Saluting the undersung British TV shows of 2012
As the 2010s draw to a close, James looks back at some TV gems from 2012 that deserved more love...
Who can forget 2012, when the Olympic Opening Ceremony defied expectations and united the UK behind something that wasn’t, on the whole, risible. Although that bit with the Spice Girls being driven around on minis and not actually singing anything was pretty weak. Elsewhere, two viewers of Stargazing Live discovered an exoplanet that was subsequently named Threapleton Holmes B in their honour, and Anne Robinson finally said Goodbye to herself, exiting The Weakest Link after more than a decade.
Oh, and ITV aired a documentary titled Exposure: The Other Side Of Jimmy Savile which, it’s fair to say, made an immediate impression on pop-culture.
But amidst all that, what WEREN’T you watching?
Continuing our 10-part series revisiting some of the best undersung British and non-US TV shows of the decade, here are a few favourites that arrived in 2012.
The UK’s children’s TV programmes are consistently underrated, and Wolfblood continues that noble tradition of being far better than many would allow for a kids’ show. A fantasy drama Den Of Geek once labelled “Buffy for the CBBC generation“, Wolfblood‘s message of inclusivity and friendship shone out through its many reinventions, amid a lot of fun superpowered action. It’s worth a look for all fans of supernatural teen shows. We know you’re out there.
Adapted from Ford Maddox Ford’s novels, scripted by the great Tom Stoppard (returning to TV after 30 years!) and starring Rebecca Hall and Benedict Cumberbatch, this pre-WW1 drama was called “one of the finest things the BBC has ever made” by TV critic Grace Dent, and we can assume she’s seen enough to know. Here’s why we loved it.
Ah! La France! Elle n’est pas réputée pour la bonne télé – mais ce remake d’un film de 2004 où les morts sont ressuscités est fantastique. It’s French language but don’t let that put you off. Rather than going the zombie route, this show deals with the existential horror of the dead returning to life, with a story that’s smart, disturbing and hard to look away from. Read more about it here.
Sharon Horgan stars in this sitcom co-written with Holly Walsh. It aired on BBC Three, but don’t let that put you off – the larger-than-life characters juxtaposed against Horgan’s ostensibly normal lead and a compelling question at the heart of the plot meant the show could have gone on longer than it did. Regrettably, we never got a chance to find out.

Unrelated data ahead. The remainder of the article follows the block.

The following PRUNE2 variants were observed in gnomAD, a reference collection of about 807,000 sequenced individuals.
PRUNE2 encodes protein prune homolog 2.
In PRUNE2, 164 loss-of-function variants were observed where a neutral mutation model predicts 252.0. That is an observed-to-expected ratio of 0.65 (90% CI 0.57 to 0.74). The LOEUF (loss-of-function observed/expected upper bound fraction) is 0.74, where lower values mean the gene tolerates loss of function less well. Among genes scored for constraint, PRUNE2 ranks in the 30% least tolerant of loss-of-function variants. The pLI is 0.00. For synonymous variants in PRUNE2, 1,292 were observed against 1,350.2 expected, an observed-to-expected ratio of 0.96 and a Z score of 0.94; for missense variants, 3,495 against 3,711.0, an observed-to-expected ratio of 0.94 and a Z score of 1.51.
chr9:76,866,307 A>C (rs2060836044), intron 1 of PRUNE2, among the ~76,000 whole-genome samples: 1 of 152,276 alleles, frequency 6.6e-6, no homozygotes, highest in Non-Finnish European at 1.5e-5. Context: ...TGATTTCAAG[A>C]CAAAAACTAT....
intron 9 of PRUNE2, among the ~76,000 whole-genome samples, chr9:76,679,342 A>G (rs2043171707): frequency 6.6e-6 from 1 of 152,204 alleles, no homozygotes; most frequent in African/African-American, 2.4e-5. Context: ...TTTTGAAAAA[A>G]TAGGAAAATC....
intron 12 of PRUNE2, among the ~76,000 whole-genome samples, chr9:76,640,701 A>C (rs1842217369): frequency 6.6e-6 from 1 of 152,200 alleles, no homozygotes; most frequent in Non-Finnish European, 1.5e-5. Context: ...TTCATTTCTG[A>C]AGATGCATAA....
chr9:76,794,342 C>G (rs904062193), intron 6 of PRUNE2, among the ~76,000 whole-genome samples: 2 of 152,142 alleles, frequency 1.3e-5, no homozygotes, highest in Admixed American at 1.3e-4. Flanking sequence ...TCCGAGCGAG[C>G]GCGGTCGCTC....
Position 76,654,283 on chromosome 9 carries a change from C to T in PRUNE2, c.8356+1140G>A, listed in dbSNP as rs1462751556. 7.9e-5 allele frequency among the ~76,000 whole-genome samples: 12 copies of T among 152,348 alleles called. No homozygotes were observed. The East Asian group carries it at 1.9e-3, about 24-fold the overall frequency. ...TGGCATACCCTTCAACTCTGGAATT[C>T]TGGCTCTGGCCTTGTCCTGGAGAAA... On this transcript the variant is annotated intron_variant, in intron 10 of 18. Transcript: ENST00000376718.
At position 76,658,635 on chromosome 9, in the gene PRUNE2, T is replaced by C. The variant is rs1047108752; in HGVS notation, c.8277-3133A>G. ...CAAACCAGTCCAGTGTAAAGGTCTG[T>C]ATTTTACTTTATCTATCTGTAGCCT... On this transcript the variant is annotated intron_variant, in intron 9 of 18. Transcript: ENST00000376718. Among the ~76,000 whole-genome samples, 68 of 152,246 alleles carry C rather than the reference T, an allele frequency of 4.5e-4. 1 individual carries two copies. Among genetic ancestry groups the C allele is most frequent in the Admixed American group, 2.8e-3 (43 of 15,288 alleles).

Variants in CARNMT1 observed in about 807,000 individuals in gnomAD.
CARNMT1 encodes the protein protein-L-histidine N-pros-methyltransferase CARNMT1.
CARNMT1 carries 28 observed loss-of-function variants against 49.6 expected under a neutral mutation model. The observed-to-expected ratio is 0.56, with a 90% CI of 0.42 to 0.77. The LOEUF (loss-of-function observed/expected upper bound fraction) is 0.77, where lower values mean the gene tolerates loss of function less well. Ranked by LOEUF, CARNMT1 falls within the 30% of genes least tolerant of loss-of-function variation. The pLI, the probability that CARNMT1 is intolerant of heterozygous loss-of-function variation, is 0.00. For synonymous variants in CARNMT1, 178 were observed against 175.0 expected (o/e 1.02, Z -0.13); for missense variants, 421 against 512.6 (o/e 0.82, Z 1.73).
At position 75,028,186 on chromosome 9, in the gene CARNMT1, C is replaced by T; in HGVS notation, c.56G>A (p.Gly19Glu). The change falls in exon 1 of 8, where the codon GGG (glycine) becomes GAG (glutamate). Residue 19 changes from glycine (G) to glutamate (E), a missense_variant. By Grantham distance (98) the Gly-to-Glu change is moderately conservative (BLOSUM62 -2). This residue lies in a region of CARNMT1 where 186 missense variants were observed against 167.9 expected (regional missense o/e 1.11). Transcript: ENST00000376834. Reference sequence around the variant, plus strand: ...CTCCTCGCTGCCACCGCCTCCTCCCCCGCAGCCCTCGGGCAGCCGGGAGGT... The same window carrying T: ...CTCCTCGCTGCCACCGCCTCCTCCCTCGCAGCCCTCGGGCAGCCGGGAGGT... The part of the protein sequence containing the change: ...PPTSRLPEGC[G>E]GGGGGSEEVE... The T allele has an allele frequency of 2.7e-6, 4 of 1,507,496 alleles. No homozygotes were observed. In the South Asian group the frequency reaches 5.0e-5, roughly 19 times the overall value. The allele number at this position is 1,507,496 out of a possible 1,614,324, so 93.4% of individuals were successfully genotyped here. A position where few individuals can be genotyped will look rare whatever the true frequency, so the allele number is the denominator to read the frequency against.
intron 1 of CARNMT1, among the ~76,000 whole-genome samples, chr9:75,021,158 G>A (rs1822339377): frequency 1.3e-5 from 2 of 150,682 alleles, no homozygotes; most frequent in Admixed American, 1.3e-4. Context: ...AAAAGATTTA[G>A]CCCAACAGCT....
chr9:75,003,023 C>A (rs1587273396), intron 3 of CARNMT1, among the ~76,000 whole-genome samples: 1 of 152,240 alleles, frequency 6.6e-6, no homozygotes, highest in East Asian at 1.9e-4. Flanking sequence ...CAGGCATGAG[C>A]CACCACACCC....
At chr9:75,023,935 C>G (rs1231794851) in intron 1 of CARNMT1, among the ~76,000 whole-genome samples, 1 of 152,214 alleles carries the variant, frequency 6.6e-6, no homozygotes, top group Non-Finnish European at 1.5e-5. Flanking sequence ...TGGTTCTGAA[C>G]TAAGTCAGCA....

Set in 1889, six months after the infamous Jack the Ripper murders, Ripper Street explores the landscape of Victorian-era Whitechapel, a place overrun with crime and exploitation and now overshadowed by a demoralised police force. So few people cottoned on to Ripper Street that it was cancelled by the BBC until being saved by Amazon, where you can find it now.
Red Dwarf X
Back To Earth might have brought Red Dwarf back to the screen after a ten year absence, but it was Series X that brought it back in the way we remembered: frequently hilarious, laugh-track intact, and packed with the kind of ambitious plots only Red Dwarf can get away with. It may not quite live up to vintage Dwarf, but it’s far better than its predecessors and relatively overlooked outside the fandom.
Toast Of London
Surely, in pitching this to Den of Geek we’re preaching to the converted, but the Matt Berry-fronted Toast Of London is as brilliant a sitcom as the decade has produced, following the adventures of bumbling, pompous, failure of an actor Steven Toast. The pilot, which dropped in 2012, sees the show arrive instantly hilarious and fully-formed.
A Touch Of Cloth
Despite being co-created and co-written by media darling Charlie Brooker and starring the brilliant John Hannah, police procedural parody A Touch Of Cloth never quite got the recognition of Brooker’s other TV shows – not because it was bad, but because it was Sky-exclusive. There are only six episodes total spread over three series and they’re all dense with the inimitable mixture of genius and puerility that only Brooker seems able – or perhaps willing – to deliver.
Wizards Vs Aliens
Another entry from CBBC, Wizards Vs. Aliens is as openly wacky as the name suggests, and let’s face it – with a high concept like that, subtle isn’t exactly where you want to aim. Co-created by Russell T. Davies, one of the UK’s finest TV producers, it’s bound to delight both young and old fans of Davies’ Doctor Who.
Noel Fielding’s Luxury Comedy
Half-filmed, half-animated and all-mad, Noel Fielding’s surreal comedy was at times Dali-esque, and while it initially (and not unreasonably) confused viewers, there’s plenty to enjoy for anyone looking for some truly original comedy. And hey, the best thing about watching series one is that you’re primed to watch series two, which is a lot better and pokes considerable fun at the impenetrability and self-indulgence of that first series…